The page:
HTC released the Vive Wireless Adapter in September 2018 to do away with the cables that kept VR users firmly tethered to this reality--and their systems--while they were trying to escape to another one. Nearly eight months later, the company has partnered up (opens in new tab) with Intel and AMD to figure out why the Vive Wireless Adapter has caused blue screen of death (BSOD) and other issues when it's used with certain AMD processors.
These problems aren't just coming to light: we noted that the Vive Wireless Adapter had compatibility issues with some Ryzen processors in our November 2018 review. HTC acknowledged the problem that same month, saying that it "[had] seen and [was] actively looking into multiple reports of Ryzen incompatibility with Vive Wireless Adapter." The company said the investigation could take time--it seems to have been right.
Because the adapter is based partly on Intel's WiGig technology, which allows the connected Vive headset to communicate with the PC that's powering it, conspiracy theorists were easily able to swap out their VR headsets for tinfoil hats and say AMD was being sabotaged. But now all three companies are working to figure out why the Vive Wireless Adapter has problems with systems featuring the 50-year-old red team's CPUs.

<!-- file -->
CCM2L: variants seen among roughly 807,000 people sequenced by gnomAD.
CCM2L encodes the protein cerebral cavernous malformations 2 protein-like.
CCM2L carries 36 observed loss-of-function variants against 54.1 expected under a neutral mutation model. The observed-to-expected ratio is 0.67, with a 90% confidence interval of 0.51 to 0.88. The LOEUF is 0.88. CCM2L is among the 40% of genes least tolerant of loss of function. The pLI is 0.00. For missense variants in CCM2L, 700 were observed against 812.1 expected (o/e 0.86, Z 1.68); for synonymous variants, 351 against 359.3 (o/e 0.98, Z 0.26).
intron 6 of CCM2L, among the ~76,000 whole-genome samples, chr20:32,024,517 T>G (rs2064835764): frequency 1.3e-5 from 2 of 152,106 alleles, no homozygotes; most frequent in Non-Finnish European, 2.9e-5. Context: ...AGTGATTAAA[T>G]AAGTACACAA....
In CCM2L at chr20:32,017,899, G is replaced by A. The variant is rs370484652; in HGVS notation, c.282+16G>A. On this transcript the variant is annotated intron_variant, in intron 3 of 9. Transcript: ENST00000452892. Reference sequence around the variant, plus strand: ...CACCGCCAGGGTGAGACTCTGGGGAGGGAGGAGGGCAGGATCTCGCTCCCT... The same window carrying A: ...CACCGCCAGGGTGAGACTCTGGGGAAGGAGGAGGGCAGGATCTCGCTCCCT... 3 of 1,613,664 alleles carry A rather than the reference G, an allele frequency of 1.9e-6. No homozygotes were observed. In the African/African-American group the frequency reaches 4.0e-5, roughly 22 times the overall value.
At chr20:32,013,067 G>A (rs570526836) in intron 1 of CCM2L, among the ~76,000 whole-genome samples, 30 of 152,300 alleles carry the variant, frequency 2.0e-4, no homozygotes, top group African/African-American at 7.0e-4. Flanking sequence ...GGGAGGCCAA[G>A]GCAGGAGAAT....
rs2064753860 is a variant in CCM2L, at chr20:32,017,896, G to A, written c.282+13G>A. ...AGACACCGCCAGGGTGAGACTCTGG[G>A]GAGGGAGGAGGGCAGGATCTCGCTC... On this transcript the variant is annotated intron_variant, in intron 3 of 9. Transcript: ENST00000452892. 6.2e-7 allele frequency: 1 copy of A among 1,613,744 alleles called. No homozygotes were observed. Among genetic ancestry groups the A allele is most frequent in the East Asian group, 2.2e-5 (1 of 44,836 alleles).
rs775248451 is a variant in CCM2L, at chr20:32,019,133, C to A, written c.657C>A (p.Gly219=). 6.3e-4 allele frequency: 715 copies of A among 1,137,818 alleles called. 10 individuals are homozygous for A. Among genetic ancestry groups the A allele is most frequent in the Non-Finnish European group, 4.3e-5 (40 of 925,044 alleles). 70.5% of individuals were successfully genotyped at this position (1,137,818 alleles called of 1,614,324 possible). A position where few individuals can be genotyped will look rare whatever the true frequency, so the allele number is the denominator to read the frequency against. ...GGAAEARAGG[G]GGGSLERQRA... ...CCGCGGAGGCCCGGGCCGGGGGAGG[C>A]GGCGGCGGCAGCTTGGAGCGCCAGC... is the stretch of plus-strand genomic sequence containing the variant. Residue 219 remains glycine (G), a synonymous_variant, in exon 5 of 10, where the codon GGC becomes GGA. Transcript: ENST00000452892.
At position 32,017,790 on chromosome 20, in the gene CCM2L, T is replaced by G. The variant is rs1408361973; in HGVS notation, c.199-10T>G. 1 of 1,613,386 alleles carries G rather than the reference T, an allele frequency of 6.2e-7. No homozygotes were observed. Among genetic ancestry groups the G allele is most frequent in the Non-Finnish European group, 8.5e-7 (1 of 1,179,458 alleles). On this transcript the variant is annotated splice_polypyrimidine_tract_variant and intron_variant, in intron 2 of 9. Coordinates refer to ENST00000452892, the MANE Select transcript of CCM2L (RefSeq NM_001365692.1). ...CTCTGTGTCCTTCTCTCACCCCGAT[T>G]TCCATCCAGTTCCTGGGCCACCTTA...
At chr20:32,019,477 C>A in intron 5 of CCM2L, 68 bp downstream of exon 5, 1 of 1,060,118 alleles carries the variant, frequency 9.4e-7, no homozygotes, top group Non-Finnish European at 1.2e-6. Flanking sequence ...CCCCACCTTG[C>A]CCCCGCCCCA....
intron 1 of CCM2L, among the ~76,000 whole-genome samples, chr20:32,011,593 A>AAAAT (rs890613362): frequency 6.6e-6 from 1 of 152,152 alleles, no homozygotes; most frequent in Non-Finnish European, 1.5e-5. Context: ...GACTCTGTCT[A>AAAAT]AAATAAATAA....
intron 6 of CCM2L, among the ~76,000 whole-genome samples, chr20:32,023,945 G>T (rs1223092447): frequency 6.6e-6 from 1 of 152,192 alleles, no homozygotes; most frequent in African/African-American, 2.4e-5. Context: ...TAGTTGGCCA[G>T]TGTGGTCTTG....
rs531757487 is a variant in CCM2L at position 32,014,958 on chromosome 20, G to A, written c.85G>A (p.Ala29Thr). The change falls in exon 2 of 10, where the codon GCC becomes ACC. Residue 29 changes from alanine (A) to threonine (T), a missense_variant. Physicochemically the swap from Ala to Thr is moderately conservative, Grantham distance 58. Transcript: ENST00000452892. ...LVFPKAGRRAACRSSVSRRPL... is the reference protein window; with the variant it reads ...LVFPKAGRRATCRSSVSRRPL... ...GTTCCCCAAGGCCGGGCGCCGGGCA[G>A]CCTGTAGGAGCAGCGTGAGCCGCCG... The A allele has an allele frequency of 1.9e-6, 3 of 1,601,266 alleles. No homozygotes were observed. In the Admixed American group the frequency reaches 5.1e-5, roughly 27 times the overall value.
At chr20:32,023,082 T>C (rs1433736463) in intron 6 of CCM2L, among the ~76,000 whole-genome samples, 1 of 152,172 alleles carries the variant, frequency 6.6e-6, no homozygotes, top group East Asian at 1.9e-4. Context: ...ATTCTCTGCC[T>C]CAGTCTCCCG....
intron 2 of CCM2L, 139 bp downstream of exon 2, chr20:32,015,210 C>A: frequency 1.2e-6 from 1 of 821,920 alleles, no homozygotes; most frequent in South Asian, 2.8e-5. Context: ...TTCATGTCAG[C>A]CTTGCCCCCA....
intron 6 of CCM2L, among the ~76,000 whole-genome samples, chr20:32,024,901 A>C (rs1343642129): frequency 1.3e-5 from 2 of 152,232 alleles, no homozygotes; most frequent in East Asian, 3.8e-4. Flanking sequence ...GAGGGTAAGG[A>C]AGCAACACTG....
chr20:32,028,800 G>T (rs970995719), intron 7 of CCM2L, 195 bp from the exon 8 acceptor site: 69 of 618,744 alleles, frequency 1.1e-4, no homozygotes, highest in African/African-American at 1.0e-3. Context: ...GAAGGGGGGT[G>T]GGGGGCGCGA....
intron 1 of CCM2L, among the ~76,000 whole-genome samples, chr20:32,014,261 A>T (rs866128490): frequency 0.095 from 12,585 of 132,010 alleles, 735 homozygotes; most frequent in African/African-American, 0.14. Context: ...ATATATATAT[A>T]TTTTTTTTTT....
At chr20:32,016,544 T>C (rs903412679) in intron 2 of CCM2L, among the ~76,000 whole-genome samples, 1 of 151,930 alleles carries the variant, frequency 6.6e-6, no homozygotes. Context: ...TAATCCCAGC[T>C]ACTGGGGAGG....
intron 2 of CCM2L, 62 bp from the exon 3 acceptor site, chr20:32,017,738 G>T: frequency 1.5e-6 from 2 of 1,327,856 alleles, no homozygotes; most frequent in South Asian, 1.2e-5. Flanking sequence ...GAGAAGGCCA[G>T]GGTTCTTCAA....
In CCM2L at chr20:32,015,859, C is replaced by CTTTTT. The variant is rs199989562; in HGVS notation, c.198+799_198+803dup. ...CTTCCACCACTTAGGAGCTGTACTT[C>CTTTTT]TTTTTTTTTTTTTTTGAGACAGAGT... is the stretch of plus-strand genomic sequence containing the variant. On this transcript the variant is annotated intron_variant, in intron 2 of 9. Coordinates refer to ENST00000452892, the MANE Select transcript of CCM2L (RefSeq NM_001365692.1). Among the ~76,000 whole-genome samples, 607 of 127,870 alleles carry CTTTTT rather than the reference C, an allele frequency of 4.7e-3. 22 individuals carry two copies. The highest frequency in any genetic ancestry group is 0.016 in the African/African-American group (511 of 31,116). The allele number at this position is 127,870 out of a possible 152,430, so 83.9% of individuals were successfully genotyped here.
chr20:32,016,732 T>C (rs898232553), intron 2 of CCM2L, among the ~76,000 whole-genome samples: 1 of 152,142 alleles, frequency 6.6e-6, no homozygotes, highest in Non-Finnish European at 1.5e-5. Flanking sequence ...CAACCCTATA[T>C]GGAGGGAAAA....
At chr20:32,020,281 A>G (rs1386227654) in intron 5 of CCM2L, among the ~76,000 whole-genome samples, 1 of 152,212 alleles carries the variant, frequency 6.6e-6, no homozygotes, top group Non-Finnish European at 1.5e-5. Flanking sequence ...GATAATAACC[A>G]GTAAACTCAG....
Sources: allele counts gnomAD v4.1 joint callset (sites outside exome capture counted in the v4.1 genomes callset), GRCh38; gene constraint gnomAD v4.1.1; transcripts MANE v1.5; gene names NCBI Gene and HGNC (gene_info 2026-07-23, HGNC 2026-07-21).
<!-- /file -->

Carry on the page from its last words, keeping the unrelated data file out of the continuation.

The first step towards solving the problem was made on April 25 when HTC released a hotfix for the issue to version 1.20190410.0 of the Vive Wireless Adapter Connection Utility. (Which can be installed by hitting the "Update now" button within the Connection Utility itself.) We suspect a more permanent solution will arrive eventually, but at least now AMD users who bore with the adapter's issues should have a better experience.
It's just a shame this has taken so long. Untethered headsets aren't nearly as novel as they were back when the Vive Wireless Adapter was announced in 2017, and HTC itself released the wireless Vive Focus Plus to developers on April 15. Hopefully any solution that improves the Vive Wireless Adapter at this point can also make sure people who buy the company's untethered headset won't have to deal with similar issues.